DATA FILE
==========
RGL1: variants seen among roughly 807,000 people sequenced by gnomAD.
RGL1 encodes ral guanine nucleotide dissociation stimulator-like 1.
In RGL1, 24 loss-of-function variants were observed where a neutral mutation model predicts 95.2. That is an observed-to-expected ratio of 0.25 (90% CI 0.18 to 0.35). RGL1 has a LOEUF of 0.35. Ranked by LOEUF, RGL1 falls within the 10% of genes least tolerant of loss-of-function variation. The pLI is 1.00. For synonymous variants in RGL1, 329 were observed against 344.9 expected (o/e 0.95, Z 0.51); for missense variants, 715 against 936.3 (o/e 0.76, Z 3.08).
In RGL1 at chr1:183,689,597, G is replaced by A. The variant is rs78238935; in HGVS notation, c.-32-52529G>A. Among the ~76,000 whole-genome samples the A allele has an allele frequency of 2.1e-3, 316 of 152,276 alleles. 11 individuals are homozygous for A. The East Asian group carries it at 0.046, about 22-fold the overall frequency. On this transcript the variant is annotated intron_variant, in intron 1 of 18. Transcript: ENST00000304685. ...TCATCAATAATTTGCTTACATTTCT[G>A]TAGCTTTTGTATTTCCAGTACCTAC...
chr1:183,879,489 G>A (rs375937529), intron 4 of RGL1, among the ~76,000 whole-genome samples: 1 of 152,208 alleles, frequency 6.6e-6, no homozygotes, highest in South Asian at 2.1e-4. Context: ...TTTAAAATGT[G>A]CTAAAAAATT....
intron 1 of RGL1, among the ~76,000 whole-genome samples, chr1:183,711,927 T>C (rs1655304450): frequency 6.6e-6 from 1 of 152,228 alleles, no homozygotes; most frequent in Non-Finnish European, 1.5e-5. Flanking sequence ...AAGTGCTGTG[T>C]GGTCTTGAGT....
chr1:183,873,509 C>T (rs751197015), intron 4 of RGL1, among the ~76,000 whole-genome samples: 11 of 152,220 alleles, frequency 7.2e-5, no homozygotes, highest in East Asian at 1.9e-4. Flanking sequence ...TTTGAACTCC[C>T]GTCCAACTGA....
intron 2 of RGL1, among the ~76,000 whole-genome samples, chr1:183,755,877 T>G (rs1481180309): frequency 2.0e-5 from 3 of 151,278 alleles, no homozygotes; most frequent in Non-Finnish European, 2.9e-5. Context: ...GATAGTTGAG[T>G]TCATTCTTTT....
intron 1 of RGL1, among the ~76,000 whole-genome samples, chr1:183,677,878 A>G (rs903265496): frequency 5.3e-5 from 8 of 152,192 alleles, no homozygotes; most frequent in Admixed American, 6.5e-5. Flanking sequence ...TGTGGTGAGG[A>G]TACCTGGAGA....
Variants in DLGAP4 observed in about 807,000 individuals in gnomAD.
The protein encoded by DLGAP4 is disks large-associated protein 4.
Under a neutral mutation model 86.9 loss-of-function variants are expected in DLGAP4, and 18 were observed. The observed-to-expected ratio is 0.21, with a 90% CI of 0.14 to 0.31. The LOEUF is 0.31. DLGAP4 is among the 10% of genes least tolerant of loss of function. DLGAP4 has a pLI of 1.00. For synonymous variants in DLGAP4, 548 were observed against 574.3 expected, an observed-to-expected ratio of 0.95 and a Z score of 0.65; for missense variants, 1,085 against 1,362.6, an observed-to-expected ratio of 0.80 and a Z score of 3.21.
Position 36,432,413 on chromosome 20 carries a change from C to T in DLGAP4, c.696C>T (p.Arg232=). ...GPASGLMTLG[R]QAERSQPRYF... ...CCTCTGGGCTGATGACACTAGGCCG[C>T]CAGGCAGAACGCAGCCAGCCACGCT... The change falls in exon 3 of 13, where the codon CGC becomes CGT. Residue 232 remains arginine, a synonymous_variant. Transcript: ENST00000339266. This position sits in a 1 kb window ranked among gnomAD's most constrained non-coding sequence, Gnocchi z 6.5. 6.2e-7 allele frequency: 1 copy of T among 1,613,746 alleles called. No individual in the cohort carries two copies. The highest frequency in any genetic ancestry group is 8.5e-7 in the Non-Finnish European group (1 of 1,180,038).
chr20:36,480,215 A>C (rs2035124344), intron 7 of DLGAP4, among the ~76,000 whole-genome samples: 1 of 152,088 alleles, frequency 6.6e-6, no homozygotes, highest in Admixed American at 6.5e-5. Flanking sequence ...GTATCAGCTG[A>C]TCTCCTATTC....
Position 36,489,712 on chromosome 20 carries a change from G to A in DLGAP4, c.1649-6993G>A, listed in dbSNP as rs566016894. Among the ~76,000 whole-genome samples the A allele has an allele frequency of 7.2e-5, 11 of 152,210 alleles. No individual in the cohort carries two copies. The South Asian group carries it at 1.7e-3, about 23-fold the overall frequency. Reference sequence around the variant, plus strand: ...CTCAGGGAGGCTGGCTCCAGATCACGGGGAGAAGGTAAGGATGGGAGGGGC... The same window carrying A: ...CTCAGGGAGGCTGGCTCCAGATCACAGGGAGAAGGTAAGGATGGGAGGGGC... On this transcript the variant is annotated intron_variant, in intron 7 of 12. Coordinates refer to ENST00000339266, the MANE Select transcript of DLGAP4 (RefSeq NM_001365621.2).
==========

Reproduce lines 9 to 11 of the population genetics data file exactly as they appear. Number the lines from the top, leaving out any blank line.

intron 1 of RGL1, among the ~76,000 whole-genome samples, chr1:183,677,878 A>G (rs903265496): frequency 5.3e-5 from 8 of 152,192 alleles, no homozygotes; most frequent in Admixed American, 6.5e-5. Flanking sequence ...TGTGGTGAGG[A>G]TACCTGGAGA....
Variants in DLGAP4 observed in about 807,000 individuals in gnomAD.
The protein encoded by DLGAP4 is disks large-associated protein 4.